Professional services firm KPMG is taking the unusual step of arranging preferential mortgage rates for its 12,000 U.K. employees.  More

What I gave up to save $1 million

They may have million dollar-plus nest eggs, but they had to make some big sacrifices along the way to get there. Here's what these four savers did without in order to save seven-figures retirement.  More

Student loan default rate drops to 13.7%

But Education Secretary Arne Duncan says there are still too many students defaulting.  More

Very few companies offer unlimited vacation days, but these do

Richard Branson announced Wednesday that Virgin Group employees can take as much vacation days as they need. But some companies have been offering this perk for a long time.  More

Student homelessness hits another record high

The number of homeless students enrolled at U.S. public schools is at an all-time record.  More

How much house can you afford?

Tell us how much you make, how much you've got for a downpayment, and your monthly debt, and we'll figure out how much home you can comfortably afford.  More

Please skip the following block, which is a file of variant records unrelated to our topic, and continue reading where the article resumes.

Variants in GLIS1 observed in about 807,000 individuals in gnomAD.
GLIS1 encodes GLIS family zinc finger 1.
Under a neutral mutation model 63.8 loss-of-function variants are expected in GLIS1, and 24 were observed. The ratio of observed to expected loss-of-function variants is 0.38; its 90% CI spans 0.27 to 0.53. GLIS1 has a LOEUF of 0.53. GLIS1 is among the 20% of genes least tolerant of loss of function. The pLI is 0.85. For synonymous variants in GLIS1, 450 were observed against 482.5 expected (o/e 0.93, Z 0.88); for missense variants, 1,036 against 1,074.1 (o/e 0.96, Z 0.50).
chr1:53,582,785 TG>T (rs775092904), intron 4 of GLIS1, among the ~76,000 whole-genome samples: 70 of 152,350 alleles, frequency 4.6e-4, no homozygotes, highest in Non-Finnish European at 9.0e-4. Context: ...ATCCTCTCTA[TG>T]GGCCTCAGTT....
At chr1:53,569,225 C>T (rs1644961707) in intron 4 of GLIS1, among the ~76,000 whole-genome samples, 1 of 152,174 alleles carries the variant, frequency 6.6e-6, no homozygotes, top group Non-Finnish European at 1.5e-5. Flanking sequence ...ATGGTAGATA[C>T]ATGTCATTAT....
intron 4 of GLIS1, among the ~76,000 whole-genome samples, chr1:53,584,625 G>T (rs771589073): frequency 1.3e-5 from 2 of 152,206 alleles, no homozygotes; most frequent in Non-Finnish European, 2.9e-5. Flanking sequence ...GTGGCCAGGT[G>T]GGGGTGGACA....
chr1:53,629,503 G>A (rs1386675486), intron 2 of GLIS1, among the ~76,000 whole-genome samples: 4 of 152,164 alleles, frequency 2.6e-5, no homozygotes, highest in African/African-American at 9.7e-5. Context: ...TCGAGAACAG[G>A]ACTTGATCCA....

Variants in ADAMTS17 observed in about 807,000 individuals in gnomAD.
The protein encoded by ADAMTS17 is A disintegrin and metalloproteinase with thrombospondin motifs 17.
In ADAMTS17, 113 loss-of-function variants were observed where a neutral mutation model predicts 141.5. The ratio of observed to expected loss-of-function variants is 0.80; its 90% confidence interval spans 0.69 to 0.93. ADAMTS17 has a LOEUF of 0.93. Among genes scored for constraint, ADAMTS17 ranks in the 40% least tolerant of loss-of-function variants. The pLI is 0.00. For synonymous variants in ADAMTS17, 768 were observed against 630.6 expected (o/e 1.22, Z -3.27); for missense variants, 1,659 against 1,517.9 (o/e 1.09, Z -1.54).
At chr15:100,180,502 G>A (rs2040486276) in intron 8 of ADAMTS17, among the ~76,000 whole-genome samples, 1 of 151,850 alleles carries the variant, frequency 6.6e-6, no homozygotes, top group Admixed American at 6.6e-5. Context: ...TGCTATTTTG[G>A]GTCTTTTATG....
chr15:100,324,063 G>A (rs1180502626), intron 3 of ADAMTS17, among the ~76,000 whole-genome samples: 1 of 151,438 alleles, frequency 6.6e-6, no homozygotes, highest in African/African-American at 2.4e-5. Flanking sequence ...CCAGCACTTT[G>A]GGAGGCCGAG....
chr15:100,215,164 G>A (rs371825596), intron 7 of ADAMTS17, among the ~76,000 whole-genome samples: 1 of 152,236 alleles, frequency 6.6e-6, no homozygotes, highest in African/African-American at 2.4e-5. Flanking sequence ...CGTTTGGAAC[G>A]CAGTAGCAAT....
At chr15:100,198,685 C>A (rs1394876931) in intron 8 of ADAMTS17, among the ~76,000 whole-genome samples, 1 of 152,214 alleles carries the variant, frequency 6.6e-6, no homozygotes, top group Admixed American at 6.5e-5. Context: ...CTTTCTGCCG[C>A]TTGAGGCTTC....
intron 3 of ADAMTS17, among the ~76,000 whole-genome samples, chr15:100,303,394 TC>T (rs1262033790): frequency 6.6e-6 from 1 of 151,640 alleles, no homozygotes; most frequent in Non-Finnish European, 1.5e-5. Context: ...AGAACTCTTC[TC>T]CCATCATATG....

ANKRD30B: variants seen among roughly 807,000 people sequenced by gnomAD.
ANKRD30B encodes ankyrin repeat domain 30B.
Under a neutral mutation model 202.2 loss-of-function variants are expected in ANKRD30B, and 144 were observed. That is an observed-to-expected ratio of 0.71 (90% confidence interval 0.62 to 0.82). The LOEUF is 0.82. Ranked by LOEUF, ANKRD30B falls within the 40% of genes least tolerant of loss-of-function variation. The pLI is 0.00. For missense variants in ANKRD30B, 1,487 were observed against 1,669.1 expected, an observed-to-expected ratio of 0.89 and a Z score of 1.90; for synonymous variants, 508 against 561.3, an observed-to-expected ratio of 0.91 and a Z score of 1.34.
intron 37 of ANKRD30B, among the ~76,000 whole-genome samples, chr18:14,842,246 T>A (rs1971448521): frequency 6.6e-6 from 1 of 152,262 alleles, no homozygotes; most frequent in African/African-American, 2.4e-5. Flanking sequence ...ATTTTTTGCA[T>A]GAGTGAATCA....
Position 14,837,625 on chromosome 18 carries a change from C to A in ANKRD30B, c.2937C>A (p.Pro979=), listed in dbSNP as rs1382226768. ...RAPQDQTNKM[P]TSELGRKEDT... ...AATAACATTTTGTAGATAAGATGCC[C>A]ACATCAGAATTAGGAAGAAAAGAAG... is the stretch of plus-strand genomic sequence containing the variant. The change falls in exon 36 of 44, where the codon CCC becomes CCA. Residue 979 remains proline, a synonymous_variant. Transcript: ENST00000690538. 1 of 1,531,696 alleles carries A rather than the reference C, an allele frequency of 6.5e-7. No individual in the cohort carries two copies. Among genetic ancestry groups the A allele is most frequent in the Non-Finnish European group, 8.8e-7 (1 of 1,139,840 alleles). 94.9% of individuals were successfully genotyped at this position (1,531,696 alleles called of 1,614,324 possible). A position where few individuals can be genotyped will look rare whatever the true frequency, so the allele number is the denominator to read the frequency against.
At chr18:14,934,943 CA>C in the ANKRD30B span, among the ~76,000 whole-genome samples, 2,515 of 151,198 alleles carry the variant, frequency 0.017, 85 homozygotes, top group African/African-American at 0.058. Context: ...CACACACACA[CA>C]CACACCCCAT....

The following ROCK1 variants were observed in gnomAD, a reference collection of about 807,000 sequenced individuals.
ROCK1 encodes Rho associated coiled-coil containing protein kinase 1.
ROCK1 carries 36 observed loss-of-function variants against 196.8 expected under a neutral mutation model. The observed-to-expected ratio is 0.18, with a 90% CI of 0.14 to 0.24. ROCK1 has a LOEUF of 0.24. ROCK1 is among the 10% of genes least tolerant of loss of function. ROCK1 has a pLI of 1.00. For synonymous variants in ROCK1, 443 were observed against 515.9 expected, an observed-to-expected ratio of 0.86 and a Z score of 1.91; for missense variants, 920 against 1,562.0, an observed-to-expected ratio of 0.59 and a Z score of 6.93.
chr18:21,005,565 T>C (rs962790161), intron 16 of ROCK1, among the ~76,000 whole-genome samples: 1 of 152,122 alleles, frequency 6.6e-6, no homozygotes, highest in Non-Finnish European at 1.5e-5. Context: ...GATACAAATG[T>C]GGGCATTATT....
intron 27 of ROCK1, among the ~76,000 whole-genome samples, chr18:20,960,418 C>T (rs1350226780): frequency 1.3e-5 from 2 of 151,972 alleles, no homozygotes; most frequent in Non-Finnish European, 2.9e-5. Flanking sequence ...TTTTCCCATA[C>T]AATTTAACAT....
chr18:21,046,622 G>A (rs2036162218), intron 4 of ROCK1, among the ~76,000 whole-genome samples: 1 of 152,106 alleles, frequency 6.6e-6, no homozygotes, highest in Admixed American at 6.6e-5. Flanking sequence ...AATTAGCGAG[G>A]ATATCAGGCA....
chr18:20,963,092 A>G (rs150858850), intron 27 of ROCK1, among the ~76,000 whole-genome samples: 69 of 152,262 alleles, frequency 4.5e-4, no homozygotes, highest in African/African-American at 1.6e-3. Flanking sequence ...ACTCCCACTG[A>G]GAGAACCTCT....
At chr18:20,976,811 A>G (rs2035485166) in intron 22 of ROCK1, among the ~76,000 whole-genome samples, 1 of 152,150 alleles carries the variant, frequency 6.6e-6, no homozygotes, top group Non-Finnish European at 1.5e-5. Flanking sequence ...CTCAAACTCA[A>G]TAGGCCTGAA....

Banks launch checking accounts, with no checks

A growing number of banks, including Citi and Bank of America, are launching accounts without paper checks.  More

Branson: Take as much vacation as you want!

Billionaire businessman Richard Branson is experimenting with unlimited vacation for staff at Virgin Group offices.  More

World's Top Employers for New Grads

For an exclusive CNNMoney list, research firm Universum Global surveyed college students around the world to see where they most want to work.  More

For rich people, mortgages are getting cheaper and easier

Big pocketed borrowers are paying lower average rates on jumbo loans and lenders are now requiring down payments of just 10% -- and, in some cases, waiving the mortgage insurance, too.  More

Hey Occupy Wall Street, abolish my debt too!

As Occupy Wall Street goes on its debt-abolishing tear, thousands of people across the country are begging them to forgive their loans.  More

24 hours with a super rich family's concierge

A 10,000 square-foot home doesn't take care of itself, and many of the uber wealthy families who own them don't want to tend to them either. So they hire people like Bryan Peele. Here are journal entries from a day in his life.  More

Estate Planning 101

Christine Romans explains how to minimize the tax bill for you and the recipients.  Play

Retirement savings gap widens between rich and poor

When it comes to retirement savings, the gap between the rich and poor is growing dramatically.  More